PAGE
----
- Kroger has received a 75% state sales tax exemption for technology equipment bought for its Ohio data facilities from the Ohio Tax Credit Authority, according to a press release.
- The 15-year exemption applies to equipment that will be used at Kroger’s two data centers in Blue Ash, Ohio, and a technology facility in Hamilton, Ohio, that supports the data centers. Both cities are located close to Cincinnati, where Kroger is headquartered.
- Kroger said the tax exemption will help it cover the cost of new equipment for the data facilities, which house a significant portion of the technology that lies behind its digital services, as well as updates to hardware and software.
Kroger may be a purveyor of groceries at its core, but the supermarket chain has increasingly drawn attention to its investments in technology infrastructure as it prepares for the future. The announcement that the company has landed a significant tax incentive to invest in its data centers continues that story.
Kroger has been working to differentiate itself in the grocery industry by strengthening its in-house information-processing capabilities. In 2015, the company converted a joint venture with dunnhumby, a British company that helps retailers develop customized offers for consumers, into 84.51°, a wholly owned subsidiary tasked with helping Kroger sharpen its digital prowess. The grocer uses its data-mining capabilities for a range of tasks, from personalizing product recommendations for shoppers to providing insights for its alternative businesses.
Executives from 84.51° have recently been promoted to top corporate positions at Kroger, reflecting the premium the grocery store operator is placing on technology talent as it looks to the future.
In another example of its focus on technology, Kroger is plowing resources into developing automated fulfillment centers in partnership with British grocery automation specialist Ocado, and in June announced its next three planned warehouses in the Pacific Northwest, West Coast and Great Lakes regions.
The exemption Kroger received from Ohio frees it from having to pay the lion’s share of the 5.75% Ohio state sales tax that would ordinarily apply to the equipment it needs to maintain and modernize its data operations in the state. To qualify for the tax exemption, Kroger has to put at least $100 million into capital investments at the three facilities for three calendar years in a row and pay a minimum $1.5 million in annual compensation to workers.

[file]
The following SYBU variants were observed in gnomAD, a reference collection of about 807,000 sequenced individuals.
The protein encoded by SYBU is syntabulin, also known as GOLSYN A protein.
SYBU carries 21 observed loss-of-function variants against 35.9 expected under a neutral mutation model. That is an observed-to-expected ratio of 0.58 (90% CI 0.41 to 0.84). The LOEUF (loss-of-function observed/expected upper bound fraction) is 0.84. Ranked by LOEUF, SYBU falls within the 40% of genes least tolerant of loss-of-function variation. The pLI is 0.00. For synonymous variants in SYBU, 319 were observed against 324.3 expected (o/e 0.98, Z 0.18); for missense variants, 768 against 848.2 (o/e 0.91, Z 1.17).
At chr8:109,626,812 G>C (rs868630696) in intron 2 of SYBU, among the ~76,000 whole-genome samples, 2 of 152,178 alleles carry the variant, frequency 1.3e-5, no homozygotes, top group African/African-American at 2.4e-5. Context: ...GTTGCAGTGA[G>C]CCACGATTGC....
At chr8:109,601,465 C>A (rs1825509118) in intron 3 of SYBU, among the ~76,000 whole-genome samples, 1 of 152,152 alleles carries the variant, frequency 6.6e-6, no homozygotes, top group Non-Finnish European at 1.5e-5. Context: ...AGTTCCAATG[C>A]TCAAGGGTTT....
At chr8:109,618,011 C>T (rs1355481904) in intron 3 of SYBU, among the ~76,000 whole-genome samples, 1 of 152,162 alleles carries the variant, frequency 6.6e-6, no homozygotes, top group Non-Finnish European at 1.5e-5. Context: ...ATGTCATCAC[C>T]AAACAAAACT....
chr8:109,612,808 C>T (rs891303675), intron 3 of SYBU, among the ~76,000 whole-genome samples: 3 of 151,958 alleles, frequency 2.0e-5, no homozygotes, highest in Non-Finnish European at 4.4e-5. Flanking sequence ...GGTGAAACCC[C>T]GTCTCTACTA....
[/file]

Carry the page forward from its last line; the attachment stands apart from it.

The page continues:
States compete fiercely to attract and hold onto employers, often dangling reductions in taxes as a way to stand out from other regions as companies decide where to locate facilities — and, by extension, jobs, which economic development officials hope will complete the circle by generating local economic activity. Ohio faced competition from Oregon, North Carolina and California as it sought to ensure that Kroger would not move the operations it depends on for its increasingly data-centric business out of the state, the Cincinnati Business Courier reported.
Ohio has used offers to waive its sales tax to convince other companies to maintain data centers within its borders. Google won a 15-year, 100% sales tax exemption from the state in connection with a $600 million data facility in New Albany, Ohio, that it started constructing last November. In June, H5 Data Centers, which leases space in data centers it runs to other firms, said it had received approval from Ohio for a 100% sales tax exemption that its customers can take advantage of if they get state approval.